Editor’s Note: Joseph Sakran is a trauma surgeon and director of emergency general surgery at Johns Hopkins Hospital in Baltimore. Follow him @JosephSakran. The views expressed in this commentary are solely those of the author. View more opinion on CNN.
He had just graduated high school when he was shot in the back of the head, execution style. His mother said she had just thrown him a graduation party. You could see the pride in her eyes, as tears flowed down her face.
It took every ounce of strength I had to remain composed and provide her with the support she needed. I didn’t have the courage to tell her that her son and I had more in common than she realized.
When I was his age, I was nearly killed after being shot in the throat with a .38 caliber bullet. I survived. But this woman’s son died. To this day I continue to ask myself why I was given this second chance.
Many of my patients are not given the same second chance I have had. And the worst part of my job is having to speak with mothers, fathers, sisters and brothers – and telling them their loved one has died. The memory I have of their faces, the piercing cries I hear at night, and the blood that has stained my scrubs and the operating room floor are reasons enough for the medical community to be a critical part of the solution.
While mass shootings like the one in Thousand Oaks, California, last week occupy much of the media’s attention, it is important to note that these large-scale tragedies comprise less than 2% of the gun violence we see in this country.
Meanwhile, every day, in cities like Baltimore and Chicago, young black men fall victim to gun violence at a disproportionate rate. Their stories often go untold.
The medical community – including nurses, medics, technicians, pharmacists, social workers and doctors – stand on the front lines of caring for victims of gun violence. We see the physical damage inflicted by gunshot wounds, and we also witness the pain of those victims they leave behind. So you might imagine our surprise on November 7 when the National Rifle Association told us to stay in our lane and not get involved in issues of gun violence that go beyond treating the bodily damage that results.
That type of message indicates the NRA is not serious about addressing this public health crisis that we face. If it were, it would realize that a complex issue such as gun violence requires engagement of stakeholders from all walks of life and with diverse perspectives on the issue.
Furthermore, to state, as the NRA did, that “the medical community seems to have consulted NO ONE but themselves,” ignores the efforts that have been made by medical professionals to engage with those outside our own field. In January 2017, Ronny Stewart, trauma medical director of the American College of Surgeons, told me the ACS sat down with the leadership of the NRA to discuss opportunities to work together to combat gun violence.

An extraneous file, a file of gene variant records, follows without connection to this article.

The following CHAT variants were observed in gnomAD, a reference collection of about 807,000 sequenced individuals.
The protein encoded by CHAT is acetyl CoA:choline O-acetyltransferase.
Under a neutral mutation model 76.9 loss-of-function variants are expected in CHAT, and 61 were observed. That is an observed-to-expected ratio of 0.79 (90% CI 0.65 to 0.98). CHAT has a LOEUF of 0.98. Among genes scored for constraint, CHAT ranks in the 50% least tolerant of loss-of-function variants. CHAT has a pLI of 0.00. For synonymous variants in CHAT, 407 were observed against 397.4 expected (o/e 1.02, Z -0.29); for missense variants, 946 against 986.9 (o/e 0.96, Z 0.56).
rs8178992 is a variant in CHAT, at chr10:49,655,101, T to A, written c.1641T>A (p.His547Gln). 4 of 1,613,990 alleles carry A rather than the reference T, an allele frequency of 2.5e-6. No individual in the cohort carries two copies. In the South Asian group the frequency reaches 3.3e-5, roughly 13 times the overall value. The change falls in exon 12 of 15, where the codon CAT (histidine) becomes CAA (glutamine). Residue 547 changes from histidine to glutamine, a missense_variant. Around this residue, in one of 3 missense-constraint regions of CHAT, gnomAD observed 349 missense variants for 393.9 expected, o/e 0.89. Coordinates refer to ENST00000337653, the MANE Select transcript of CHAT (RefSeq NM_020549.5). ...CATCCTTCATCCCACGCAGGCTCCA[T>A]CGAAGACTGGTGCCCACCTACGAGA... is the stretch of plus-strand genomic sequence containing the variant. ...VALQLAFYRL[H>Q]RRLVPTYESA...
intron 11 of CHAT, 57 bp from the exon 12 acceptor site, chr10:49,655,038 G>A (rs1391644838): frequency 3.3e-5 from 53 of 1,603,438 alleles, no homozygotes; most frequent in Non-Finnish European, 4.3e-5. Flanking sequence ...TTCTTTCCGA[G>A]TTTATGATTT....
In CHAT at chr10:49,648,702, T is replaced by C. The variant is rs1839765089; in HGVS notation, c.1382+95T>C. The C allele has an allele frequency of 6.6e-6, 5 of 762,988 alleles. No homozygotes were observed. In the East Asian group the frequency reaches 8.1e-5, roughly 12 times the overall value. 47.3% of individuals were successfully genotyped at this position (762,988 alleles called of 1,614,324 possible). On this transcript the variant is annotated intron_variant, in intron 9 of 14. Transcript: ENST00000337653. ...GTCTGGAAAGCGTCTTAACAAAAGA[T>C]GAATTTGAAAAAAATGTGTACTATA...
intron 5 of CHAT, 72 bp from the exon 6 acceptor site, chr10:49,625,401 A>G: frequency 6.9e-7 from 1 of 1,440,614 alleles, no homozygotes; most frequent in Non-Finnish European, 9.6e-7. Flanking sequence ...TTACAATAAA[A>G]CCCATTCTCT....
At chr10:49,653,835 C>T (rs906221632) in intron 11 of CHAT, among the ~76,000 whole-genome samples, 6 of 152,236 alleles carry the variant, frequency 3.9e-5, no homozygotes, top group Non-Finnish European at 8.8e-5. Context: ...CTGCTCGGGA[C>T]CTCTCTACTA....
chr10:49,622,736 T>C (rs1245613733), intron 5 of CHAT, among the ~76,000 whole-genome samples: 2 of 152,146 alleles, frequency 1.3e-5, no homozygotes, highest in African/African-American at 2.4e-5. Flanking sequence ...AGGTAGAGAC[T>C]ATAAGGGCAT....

It is also worth noting that the health care community contains gun owners and NRA members, many of whom have expressed to me their astonishment at the idea that we, the medical community, should not provide solutions to reduce firearm injury and death in this country.
Our role in aiding gunshot victims is seen in every hospital across America – and is now, as a result of the outpouring against the NRA’s tweet, being more fully recognized by the global community all across social media. Shortly after the NRA tweeted its comments, the Twitter account @ThisIsOurLane exploded. While the stories are heart-wrenching and difficult to read, and the images shared from inside trauma centers were beyond words, they are mission critical to demonstrating to the public why our role in gun violence is front and center.
Despite the fact that the NRA has attempted to undermine and dismiss the medical community, we are willing to rise above the fray to express how serious we are about ending gun violence in this country. A recent open letter composed by the American Foundation for Firearm Injury Reduction in Medicine, or AFFIRM, on behalf of the American Health Care Professionals, is inviting the NRA to be part of the solution.
Megan Ranney, M.D., MPH, chief research officer of AFFIRM and one of the signers of the letter, recently told me: “As the professionals who manage this epidemic, we bear witness to every trauma and attempt to resuscitate, successful or not.”
Let me be clear: We are also not anti-gun – we are anti-bullet hole. It is time to stop polarizing this issue and start developing action-oriented solutions that will end gun violence in America.